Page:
Being excited about the arrival of rhubarb is about as original as, well:
It might be a cliche, but there's a good reason for the annual excitement. As Renee Erickson, chef/owner of some of Seattle's most beloved restaurants, including Walrus & Carpenter, The Whale Wins, and Bar Melusine, puts it: "Rhubarb is one of the first spring ingredients that tells me I will make it through the dark cold days here in the Northwest."
You don’t have to live in Seattle to appreciate her sentiment. After months of stored apples and wrinkly pears, finding bright magenta stalks of rhubarb at the farmers market is like seeing Technicolor after living in black and white all winter. It should be showing up any minute and, in case you can’t tell, I’m excited about this stuff.
Rhubarb originated in western China, where it was prized as a medicinal ingredient. According to Zoroastrian lore, the first human couple emerged from the rhubarb plant. It made its way to Europe through Russia. In 17th-century England, it was used only medicinally, and was more expensive than opium. Europeans didn’t start eating rhubarb until 1778. In the U.S., it was first grown in Maine just before 1800. It’s a hardy plant that thrives in cold climates, and is a relative of buckwheat.
You might be used to mixing it with with sugar and primarily serving it for dessert but, technically, rhubarb is a vegetable. In 1947, the U.S. Customs Court ruled it a fruit because it’s most commonly used in sweet dishes. This legal loophole (and complete disregard for phylogeny) made importing rhubarb less expensive—imported vegetables had higher taxes than fruits. In any case, rhubarb, the vegetable, is a versatile ingredient from which a lot of delicious things can be made.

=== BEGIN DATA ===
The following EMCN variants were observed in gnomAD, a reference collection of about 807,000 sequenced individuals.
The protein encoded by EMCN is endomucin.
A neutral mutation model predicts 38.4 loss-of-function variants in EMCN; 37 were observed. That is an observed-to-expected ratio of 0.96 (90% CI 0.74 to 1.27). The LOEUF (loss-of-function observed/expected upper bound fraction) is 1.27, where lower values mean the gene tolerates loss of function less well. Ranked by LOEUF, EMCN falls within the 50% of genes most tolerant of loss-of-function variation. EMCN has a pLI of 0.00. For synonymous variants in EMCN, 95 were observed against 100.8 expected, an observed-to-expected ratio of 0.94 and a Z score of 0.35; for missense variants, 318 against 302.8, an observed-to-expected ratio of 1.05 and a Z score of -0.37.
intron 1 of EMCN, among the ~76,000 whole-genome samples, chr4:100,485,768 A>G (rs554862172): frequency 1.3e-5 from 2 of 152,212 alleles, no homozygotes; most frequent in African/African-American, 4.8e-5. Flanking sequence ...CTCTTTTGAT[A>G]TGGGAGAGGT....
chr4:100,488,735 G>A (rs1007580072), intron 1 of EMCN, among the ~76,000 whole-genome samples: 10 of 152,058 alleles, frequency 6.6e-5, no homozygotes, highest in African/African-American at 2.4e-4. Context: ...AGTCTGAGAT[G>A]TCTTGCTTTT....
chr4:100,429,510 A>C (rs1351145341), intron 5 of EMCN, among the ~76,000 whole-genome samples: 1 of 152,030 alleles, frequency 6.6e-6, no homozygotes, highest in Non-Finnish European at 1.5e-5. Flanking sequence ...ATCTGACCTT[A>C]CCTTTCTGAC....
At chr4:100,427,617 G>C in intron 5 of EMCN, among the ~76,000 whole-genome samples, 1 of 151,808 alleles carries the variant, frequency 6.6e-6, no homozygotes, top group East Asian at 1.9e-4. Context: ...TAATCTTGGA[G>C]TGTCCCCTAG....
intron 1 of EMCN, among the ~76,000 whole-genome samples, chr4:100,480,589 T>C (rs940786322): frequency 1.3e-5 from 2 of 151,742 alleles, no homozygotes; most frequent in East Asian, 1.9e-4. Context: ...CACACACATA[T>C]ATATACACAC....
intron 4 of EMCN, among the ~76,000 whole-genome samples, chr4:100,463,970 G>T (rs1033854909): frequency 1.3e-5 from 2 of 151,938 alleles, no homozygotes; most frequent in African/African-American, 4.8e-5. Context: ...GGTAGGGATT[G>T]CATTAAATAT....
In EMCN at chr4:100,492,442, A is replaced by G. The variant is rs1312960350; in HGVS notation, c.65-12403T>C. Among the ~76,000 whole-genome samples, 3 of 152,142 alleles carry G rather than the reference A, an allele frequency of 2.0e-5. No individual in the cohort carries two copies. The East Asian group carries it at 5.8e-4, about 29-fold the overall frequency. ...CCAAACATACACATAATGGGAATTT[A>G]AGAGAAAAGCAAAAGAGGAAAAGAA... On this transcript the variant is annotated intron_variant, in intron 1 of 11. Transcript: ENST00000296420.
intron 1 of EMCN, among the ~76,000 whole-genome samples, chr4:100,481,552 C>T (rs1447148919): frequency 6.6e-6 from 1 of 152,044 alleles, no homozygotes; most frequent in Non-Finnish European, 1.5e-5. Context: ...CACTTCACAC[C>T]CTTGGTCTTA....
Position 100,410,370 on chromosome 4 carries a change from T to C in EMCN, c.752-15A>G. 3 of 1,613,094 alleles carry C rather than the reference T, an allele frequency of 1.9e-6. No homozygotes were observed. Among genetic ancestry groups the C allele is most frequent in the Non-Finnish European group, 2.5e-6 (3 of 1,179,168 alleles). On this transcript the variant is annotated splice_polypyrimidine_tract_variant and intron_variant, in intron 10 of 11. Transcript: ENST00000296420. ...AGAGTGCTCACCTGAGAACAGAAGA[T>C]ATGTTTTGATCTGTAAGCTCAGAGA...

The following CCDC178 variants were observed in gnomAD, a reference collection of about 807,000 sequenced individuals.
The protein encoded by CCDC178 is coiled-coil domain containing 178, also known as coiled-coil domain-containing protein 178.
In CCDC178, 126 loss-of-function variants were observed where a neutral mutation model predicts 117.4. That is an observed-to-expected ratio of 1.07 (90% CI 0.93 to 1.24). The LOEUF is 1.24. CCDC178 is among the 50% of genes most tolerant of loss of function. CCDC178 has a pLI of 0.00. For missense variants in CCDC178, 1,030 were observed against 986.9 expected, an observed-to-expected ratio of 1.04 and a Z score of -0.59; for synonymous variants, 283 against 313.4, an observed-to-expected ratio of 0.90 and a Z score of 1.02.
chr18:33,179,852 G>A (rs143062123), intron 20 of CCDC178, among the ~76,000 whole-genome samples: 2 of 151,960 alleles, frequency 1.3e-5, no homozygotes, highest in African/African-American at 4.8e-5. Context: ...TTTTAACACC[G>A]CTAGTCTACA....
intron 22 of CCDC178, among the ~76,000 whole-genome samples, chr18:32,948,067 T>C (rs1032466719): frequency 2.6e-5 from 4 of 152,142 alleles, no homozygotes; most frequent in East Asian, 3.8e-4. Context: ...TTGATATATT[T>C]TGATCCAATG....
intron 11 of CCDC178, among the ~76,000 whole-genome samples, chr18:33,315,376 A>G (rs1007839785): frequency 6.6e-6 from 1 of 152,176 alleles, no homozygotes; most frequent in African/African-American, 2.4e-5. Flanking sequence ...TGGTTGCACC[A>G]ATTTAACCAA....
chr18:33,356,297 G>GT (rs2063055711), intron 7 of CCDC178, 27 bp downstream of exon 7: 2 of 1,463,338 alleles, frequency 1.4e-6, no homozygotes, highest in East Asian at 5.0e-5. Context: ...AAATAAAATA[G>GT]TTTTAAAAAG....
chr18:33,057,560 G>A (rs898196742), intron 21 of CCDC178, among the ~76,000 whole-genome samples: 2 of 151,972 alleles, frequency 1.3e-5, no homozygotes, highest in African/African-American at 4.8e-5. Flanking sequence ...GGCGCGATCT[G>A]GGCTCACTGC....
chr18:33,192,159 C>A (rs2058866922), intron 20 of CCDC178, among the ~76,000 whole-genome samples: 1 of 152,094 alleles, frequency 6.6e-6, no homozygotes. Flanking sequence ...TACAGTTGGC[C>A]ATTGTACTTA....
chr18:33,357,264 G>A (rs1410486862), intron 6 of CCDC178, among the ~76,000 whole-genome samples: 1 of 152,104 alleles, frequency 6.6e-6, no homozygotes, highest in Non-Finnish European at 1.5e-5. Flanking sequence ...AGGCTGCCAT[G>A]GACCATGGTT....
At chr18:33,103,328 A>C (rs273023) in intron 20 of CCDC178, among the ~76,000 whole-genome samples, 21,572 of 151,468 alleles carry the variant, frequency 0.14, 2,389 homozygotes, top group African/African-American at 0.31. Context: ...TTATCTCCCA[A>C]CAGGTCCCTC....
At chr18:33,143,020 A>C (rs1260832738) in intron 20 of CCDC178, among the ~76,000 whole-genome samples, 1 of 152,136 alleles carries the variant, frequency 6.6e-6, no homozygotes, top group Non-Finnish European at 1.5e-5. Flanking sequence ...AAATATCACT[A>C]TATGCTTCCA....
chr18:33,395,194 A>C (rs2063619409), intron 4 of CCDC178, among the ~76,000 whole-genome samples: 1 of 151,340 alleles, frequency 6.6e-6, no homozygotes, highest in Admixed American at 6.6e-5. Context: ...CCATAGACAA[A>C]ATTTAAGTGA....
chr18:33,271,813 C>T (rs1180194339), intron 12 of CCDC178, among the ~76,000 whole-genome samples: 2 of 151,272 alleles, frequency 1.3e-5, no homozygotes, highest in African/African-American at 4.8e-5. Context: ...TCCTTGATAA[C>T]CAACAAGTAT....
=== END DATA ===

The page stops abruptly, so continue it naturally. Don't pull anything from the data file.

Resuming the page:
How to Shop for Rhubarb
Rhubarb can be grown in a hothouse or in a field. Extra-pampered stalks are grown in pitch-black hothouses and are harvested in candlelight; these stalks are known as forced rhubarb, and are a specialty of Yorkshire, England. But Yorkshire rhubarb doesn’t make it to the States. If you see rhubarb that’s bright magenta from end to end, it’s likely forced rhubarb from Holland.
Hothouse rhubarb can show up as early as January and can last through April. Field-grown stalks can hit farm stands as early as March, and depending on climate, and can stick around through summer months. Take note: spring rhubarb is the most tender and juicy.
When shopping for rhubarb, look for stalks that aren’t curled or limp. Fresh stalks are flat and firm. Check both ends for decay and insect activity. You don’t want the stalks to feel pithy. Stalks with leaves are certainly beautiful, but please don’t ever eat the leaves—they’re poisonous.
Store rhubarb in the coldest part of your fridge, loosely wrapped in plastic. Only for a few days. It’s a hardy plant, but it doesn’t have the longest shelf life once picked.
How to Cook With Rhubarb (Beyond Strawberry Rhubarb Pie)
In my rhubarb-anticipation frenzy, I talked to friends and chefs from all over about how they like to use rhubarb, beyond mixing it with strawberries. (And, yes, they all agree that mixing it with strawberries is delicious, and a classic combination for a reason.)
Try it Savory (and Juice It)
Jeremy Tannenbaum at Gramercy Tavern told me about a savory dish that uses rhubarb in various forms:
I’m really into the idea of making rhubarb juice, For those of us without juicers, Tannenbaum gives this advice: "To get rhubarb juice without a juicer, you need to slice it up small and blend it raw with a little bit of water to get it spinning, then let it drain overnight in a coffee filter to get all of the solids out."
Add it to Stews
Sarit Packer of Honey & Co. in London adds it to stews:
Chef Gerardo Gonzalez of Lalito in New York is imagining up a sweet rhubarb tamale: